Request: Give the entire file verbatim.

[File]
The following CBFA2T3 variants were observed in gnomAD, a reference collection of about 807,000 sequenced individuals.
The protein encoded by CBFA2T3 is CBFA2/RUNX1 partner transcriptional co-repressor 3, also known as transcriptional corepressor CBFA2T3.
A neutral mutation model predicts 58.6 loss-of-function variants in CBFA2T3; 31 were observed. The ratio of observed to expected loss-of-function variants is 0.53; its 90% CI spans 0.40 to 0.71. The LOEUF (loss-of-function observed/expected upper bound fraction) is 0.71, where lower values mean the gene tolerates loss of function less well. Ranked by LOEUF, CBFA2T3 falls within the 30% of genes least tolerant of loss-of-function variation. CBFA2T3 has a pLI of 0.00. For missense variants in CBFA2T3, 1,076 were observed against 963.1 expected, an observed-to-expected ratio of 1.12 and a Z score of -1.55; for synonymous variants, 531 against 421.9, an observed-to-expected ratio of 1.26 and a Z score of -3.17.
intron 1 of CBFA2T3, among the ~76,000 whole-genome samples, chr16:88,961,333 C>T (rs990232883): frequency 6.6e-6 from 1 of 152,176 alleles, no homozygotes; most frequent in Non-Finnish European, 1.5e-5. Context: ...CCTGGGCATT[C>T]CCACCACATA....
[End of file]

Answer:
The following CBFA2T3 variants were observed in gnomAD, a reference collection of about 807,000 sequenced individuals.
The protein encoded by CBFA2T3 is CBFA2/RUNX1 partner transcriptional co-repressor 3, also known as transcriptional corepressor CBFA2T3.
A neutral mutation model predicts 58.6 loss-of-function variants in CBFA2T3; 31 were observed. The ratio of observed to expected loss-of-function variants is 0.53; its 90% CI spans 0.40 to 0.71. The LOEUF (loss-of-function observed/expected upper bound fraction) is 0.71, where lower values mean the gene tolerates loss of function less well. Ranked by LOEUF, CBFA2T3 falls within the 30% of genes least tolerant of loss-of-function variation. CBFA2T3 has a pLI of 0.00. For missense variants in CBFA2T3, 1,076 were observed against 963.1 expected, an observed-to-expected ratio of 1.12 and a Z score of -1.55; for synonymous variants, 531 against 421.9, an observed-to-expected ratio of 1.26 and a Z score of -3.17.
intron 1 of CBFA2T3, among the ~76,000 whole-genome samples, chr16:88,961,333 C>T (rs990232883): frequency 6.6e-6 from 1 of 152,176 alleles, no homozygotes; most frequent in Non-Finnish European, 1.5e-5. Context: ...CCTGGGCATT[C>T]CCACCACATA....